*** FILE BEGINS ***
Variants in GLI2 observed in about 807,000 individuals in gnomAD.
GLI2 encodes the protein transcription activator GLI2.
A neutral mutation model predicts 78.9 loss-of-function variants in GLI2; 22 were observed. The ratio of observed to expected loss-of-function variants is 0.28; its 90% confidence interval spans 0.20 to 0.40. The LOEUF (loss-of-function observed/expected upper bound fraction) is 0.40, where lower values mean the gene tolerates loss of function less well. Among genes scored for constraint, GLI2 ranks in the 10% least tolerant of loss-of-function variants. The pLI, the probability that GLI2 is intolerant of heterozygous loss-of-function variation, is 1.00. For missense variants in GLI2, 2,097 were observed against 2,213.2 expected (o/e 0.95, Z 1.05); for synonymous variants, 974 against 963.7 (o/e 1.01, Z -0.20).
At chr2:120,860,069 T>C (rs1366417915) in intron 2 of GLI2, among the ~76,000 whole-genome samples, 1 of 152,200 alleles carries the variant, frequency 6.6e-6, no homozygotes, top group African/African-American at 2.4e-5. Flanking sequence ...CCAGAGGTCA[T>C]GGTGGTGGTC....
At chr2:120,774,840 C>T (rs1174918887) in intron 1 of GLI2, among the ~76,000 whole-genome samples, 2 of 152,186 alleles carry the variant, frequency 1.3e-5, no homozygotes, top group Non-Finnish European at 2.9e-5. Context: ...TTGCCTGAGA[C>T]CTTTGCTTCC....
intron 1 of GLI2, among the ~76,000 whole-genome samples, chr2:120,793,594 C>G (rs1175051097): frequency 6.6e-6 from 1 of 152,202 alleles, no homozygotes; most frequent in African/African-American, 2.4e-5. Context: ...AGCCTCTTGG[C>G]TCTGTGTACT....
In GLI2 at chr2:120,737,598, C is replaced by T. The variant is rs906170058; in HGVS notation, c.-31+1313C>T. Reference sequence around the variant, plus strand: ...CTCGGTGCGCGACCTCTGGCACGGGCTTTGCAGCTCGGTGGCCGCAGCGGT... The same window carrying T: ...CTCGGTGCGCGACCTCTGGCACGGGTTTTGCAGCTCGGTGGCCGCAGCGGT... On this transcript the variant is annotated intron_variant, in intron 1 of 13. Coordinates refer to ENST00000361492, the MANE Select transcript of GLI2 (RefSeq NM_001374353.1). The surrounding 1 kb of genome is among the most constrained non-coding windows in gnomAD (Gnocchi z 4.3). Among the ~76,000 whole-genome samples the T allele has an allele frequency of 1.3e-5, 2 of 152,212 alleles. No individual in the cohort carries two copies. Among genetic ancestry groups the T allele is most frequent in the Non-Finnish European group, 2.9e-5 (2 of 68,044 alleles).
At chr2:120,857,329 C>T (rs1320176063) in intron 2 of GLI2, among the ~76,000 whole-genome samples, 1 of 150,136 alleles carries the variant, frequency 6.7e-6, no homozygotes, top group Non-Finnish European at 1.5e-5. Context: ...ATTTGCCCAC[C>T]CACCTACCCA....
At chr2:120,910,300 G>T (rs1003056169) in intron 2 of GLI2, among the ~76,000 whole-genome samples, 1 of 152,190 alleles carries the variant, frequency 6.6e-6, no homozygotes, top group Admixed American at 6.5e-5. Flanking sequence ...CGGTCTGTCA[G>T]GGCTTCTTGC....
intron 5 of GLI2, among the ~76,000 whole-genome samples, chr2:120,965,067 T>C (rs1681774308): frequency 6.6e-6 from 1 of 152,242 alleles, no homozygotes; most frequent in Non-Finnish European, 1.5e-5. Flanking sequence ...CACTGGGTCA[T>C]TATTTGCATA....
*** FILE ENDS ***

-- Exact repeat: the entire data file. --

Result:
Variants in GLI2 observed in about 807,000 individuals in gnomAD.
GLI2 encodes the protein transcription activator GLI2.
A neutral mutation model predicts 78.9 loss-of-function variants in GLI2; 22 were observed. The ratio of observed to expected loss-of-function variants is 0.28; its 90% confidence interval spans 0.20 to 0.40. The LOEUF (loss-of-function observed/expected upper bound fraction) is 0.40, where lower values mean the gene tolerates loss of function less well. Among genes scored for constraint, GLI2 ranks in the 10% least tolerant of loss-of-function variants. The pLI, the probability that GLI2 is intolerant of heterozygous loss-of-function variation, is 1.00. For missense variants in GLI2, 2,097 were observed against 2,213.2 expected (o/e 0.95, Z 1.05); for synonymous variants, 974 against 963.7 (o/e 1.01, Z -0.20).
At chr2:120,860,069 T>C (rs1366417915) in intron 2 of GLI2, among the ~76,000 whole-genome samples, 1 of 152,200 alleles carries the variant, frequency 6.6e-6, no homozygotes, top group African/African-American at 2.4e-5. Flanking sequence ...CCAGAGGTCA[T>C]GGTGGTGGTC....
At chr2:120,774,840 C>T (rs1174918887) in intron 1 of GLI2, among the ~76,000 whole-genome samples, 2 of 152,186 alleles carry the variant, frequency 1.3e-5, no homozygotes, top group Non-Finnish European at 2.9e-5. Context: ...TTGCCTGAGA[C>T]CTTTGCTTCC....
intron 1 of GLI2, among the ~76,000 whole-genome samples, chr2:120,793,594 C>G (rs1175051097): frequency 6.6e-6 from 1 of 152,202 alleles, no homozygotes; most frequent in African/African-American, 2.4e-5. Context: ...AGCCTCTTGG[C>G]TCTGTGTACT....
In GLI2 at chr2:120,737,598, C is replaced by T. The variant is rs906170058; in HGVS notation, c.-31+1313C>T. Reference sequence around the variant, plus strand: ...CTCGGTGCGCGACCTCTGGCACGGGCTTTGCAGCTCGGTGGCCGCAGCGGT... The same window carrying T: ...CTCGGTGCGCGACCTCTGGCACGGGTTTTGCAGCTCGGTGGCCGCAGCGGT... On this transcript the variant is annotated intron_variant, in intron 1 of 13. Coordinates refer to ENST00000361492, the MANE Select transcript of GLI2 (RefSeq NM_001374353.1). The surrounding 1 kb of genome is among the most constrained non-coding windows in gnomAD (Gnocchi z 4.3). Among the ~76,000 whole-genome samples the T allele has an allele frequency of 1.3e-5, 2 of 152,212 alleles. No individual in the cohort carries two copies. Among genetic ancestry groups the T allele is most frequent in the Non-Finnish European group, 2.9e-5 (2 of 68,044 alleles).
At chr2:120,857,329 C>T (rs1320176063) in intron 2 of GLI2, among the ~76,000 whole-genome samples, 1 of 150,136 alleles carries the variant, frequency 6.7e-6, no homozygotes, top group Non-Finnish European at 1.5e-5. Context: ...ATTTGCCCAC[C>T]CACCTACCCA....
At chr2:120,910,300 G>T (rs1003056169) in intron 2 of GLI2, among the ~76,000 whole-genome samples, 1 of 152,190 alleles carries the variant, frequency 6.6e-6, no homozygotes, top group Admixed American at 6.5e-5. Flanking sequence ...CGGTCTGTCA[G>T]GGCTTCTTGC....
intron 5 of GLI2, among the ~76,000 whole-genome samples, chr2:120,965,067 T>C (rs1681774308): frequency 6.6e-6 from 1 of 152,242 alleles, no homozygotes; most frequent in Non-Finnish European, 1.5e-5. Flanking sequence ...CACTGGGTCA[T>C]TATTTGCATA....